Riyanti Djalante et al
United Nations University-Institute for the Advances Study of Sustainability
Academic Programme Officer
The world is under pressure from the novel COVID-19 pandemic. Indonesia is the fourth most populous country in the world and predicted to be affected significantly over a longer time period. Our paper aims to provide detailed reporting and analyses of the present rapid responses to COVID-19, between January and March 2020, in Indonesia. We particularly highlight responses taken by the governments, non-government organisations and the community. We outline gaps and limitations in the responses, based on our rapid analysis of media contents, from government speeches and reports, social and mass media platforms. Wepresent five recommendations toward more rapid, effective, and comprehensive responses.
The world is currently impacted by the novel coronavirus disease (COVID-19). The World Health Organisation (WHO) coordinates the global efforts to manage the impacts and it declared COVID-19 as a global pandemic on March 11, 2020 . The scale of the impacts is unprecedented, and studies have suggested that it might take more than a decade for the world to recover, societally and economically  and might significantly compromise the progress of Sustainable Development Agenda (SDGs) 2030.
On March 27th, the G20 countries pledged $5 trillion to defend the global economy against COVID-19 , while the United Nations (UN) launched the Global Humanitarian Response Plan for COVID-19 .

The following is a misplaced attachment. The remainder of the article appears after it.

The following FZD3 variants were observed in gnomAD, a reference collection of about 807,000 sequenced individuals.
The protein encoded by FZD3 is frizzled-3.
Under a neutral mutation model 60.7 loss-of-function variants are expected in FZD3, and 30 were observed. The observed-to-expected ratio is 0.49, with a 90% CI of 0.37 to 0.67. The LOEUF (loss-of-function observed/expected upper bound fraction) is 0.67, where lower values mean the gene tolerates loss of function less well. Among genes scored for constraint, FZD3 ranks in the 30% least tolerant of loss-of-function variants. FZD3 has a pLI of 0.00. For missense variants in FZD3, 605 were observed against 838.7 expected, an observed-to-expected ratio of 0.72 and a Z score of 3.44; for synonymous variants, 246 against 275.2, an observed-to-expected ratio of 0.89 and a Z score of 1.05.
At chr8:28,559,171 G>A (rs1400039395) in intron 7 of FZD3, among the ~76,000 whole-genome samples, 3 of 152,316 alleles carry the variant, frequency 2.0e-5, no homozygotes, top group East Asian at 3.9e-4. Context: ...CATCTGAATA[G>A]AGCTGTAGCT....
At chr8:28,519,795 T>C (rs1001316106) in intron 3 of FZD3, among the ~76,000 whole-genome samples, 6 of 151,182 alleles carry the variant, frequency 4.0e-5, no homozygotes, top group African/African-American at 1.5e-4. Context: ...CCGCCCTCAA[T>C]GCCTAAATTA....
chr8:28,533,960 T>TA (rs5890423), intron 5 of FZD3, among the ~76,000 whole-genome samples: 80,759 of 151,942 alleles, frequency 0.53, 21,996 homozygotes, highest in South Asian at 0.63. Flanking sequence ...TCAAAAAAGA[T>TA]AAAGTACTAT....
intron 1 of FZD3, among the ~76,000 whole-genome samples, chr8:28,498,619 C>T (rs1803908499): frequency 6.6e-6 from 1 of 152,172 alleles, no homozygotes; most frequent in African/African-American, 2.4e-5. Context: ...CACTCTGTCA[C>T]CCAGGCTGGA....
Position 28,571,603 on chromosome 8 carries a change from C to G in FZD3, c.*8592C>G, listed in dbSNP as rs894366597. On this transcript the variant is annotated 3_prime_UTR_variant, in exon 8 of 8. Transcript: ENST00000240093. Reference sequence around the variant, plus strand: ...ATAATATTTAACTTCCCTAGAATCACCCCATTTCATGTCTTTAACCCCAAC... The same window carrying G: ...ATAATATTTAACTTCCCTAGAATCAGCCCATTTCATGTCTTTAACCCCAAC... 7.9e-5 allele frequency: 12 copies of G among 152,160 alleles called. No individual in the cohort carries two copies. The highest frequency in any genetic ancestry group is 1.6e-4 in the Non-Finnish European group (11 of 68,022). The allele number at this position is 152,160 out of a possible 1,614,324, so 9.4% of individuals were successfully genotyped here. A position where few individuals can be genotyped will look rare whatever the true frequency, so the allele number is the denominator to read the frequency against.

The pandemic started in the city of Wuhan, Hubei province, China and has brought many new challenges to public health in various countries. The world has experienced global public health crises in the last 20 years caused by novel virus infections, such as HIV, Influenza A virus subtype H1N1, Influenza A virus subtype H5N1, SARS-CoV1, MERS-CoV, and Ebola. However, the epidemiological novelty of COVID-19, which caused by a strain of coronavirus (the SARS-CoV2), revealed our lack of preparedness given its sudden and rapid spread that caught many governments around the world unprepared.
On March 26th, WHO issued six prioritised strategies, to be undertaken by governments to cope with the pandemic. The strategies were as follow: Expand, train and deploy health-care workers; Implement systems to find suspected cases; Ramp up production of tests and increase availability; Identify facilities that can be transformed into coronavirus health centres; Develop plans to quarantine cases; and Refocus government measures on suppressing the virus . Lowering and delaying the epidemic peak is important. Uncontrolled measures will lead to the rapid increase in the number of cases, reach the peak earlier and require more capacity of healthcare systems to respond, while stringent control measures implemented early will help to lower the number of cases, delay reaching the peak and need considerably lower capacity of the healthcare systems .